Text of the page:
I'm very pleased with the Crusader heads.  I think they look fine on the plastic figures.  But using them does add a time-consuming step to what is already time-consuming assembly, and there are 103 legionaries left to assemble.  I believe the end result will be worth it!

I was originally planning to use Foundry Caesarian command sets, as I had several spare.  But their heads are noticeably bigger than these.  Now I'm thinking about going with Crusader's Republican Roman command.  We shall see.  The objective is to create six or so eighteen-figure units.


Wednesday, December 16, 2009

Finally getting a chance to post some pictures of projects I finished earlier in the year: batches of figures for other people.  The first is a unit of 15mm Napoleonic Prussian Landwehr, from Minifigs (click on the images to see larger ones):

These were done for a wargamer who traded me some other Minifigs Napoleonics for them.  We discussed the uniforms at some length, following these references:

The owner planned these to serve as the 2nd and 3rd regiments of Silesian Landwehr.  The Mont Saint Jean site indicates that the 3rd Regiment perhaps should be in the schirmutze (peaked cap) that only the officers and drummer are wearing.  So in case he needs to be able to distinguish between regiments, I painted twelve figures with white shoulder straps (indicating a 1st Battalion) and twelve with red (2nd Battalion); I did not attempt to paint regimental numbers on the shoulder straps!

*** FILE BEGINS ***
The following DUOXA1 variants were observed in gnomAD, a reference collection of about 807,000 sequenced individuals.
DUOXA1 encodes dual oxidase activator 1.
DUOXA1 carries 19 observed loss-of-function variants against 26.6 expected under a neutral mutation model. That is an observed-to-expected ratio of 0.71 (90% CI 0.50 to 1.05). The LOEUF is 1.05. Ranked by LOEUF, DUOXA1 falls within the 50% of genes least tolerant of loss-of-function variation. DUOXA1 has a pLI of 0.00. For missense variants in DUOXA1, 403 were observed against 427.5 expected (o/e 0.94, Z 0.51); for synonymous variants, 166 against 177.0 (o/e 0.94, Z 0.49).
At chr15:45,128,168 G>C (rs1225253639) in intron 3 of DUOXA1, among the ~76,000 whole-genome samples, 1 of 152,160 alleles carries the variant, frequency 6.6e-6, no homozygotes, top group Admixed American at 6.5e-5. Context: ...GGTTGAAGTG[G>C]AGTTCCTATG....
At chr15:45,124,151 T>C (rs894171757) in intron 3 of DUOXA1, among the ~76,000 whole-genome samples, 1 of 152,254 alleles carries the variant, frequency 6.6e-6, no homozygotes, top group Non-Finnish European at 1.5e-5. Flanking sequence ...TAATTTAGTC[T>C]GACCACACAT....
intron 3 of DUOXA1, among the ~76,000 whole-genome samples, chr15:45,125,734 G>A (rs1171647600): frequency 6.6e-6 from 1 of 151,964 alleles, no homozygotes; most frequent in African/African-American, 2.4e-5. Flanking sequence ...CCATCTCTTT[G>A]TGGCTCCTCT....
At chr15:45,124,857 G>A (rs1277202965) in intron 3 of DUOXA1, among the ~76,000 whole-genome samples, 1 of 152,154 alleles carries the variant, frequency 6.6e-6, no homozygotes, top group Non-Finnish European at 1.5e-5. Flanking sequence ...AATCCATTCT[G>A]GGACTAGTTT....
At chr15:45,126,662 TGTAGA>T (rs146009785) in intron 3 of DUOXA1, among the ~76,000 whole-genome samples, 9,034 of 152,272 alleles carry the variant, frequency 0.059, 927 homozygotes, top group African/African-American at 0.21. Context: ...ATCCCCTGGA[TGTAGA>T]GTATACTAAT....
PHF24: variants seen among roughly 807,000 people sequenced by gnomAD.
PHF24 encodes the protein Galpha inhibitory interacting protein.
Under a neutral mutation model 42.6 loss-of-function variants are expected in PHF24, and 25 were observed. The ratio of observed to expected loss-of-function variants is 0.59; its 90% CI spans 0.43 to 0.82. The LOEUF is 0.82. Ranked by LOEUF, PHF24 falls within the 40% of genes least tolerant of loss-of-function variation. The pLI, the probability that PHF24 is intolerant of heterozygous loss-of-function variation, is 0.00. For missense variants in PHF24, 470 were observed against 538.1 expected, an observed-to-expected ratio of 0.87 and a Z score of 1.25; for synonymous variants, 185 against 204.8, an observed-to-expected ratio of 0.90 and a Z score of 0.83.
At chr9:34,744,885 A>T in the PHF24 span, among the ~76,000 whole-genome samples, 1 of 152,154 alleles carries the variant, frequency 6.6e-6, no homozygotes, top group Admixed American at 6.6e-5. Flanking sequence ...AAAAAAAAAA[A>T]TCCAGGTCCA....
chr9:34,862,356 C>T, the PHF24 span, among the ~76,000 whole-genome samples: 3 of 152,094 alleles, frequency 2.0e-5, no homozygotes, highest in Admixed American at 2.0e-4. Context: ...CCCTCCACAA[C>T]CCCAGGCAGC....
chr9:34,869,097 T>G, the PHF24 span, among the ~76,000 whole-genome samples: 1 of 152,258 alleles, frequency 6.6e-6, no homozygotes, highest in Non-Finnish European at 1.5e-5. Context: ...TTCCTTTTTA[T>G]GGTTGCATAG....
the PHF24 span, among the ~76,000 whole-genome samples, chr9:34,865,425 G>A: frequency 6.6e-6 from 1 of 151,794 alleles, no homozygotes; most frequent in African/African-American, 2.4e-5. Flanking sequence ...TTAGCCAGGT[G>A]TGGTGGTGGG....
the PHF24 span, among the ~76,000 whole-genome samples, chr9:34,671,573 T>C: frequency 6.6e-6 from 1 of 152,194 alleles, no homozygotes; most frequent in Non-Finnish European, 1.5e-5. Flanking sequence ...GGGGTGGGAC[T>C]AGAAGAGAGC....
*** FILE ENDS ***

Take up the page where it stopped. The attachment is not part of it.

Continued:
Thursday, December 03, 2009

Here are a couple of examples of the mystery figures, based:


Wednesday, November 25, 2009

Here's a little teaser from a project I've been working on.  These are 15mm figures from a manufacturer who asked me to paint up samples of a new line.  Not saying who they are until they release the range!  These were photographed on the painting sticks as a test, before I based them.  Click on the images to enlarge them!

Think you know what they are?


Monday, November 23, 2009

Well, it's certainly been too long since the first post!  But I just got done with the third and fourth installments of Jeff's Ptolemaic project and sent them off to him.  Jeff has formatted them for, but here are a few teaser photos:

First are the two "rank and file" phalangites which Jeff sent me as painted examples to go by:

And here are the three types of figures that I've done for him, first the same two as his examples; these are 1st Corps' Ptolemaic phalangites from several years ago:

And here is the third type, 1st Corps' new style of Ptolemaic phalangite:

And here is the entire unit, completed:

So keep any eye on Jeff's site; he'll have the completed unit up soon, I expect!  Here's a link to the first of the series of articles:

Sunday, September 06, 2009

Welcome to the Allen's Armies blog! I'll be posting here about my miniatures painting projects. For the first one, I'm going to send you away from the blog! This is an ongoing article I'm writing for my friend Jeff, about a project I'm doing for him, and he's hosting the article on his most excellent site:

It's up to two installments now, and more will be added as the project is completed.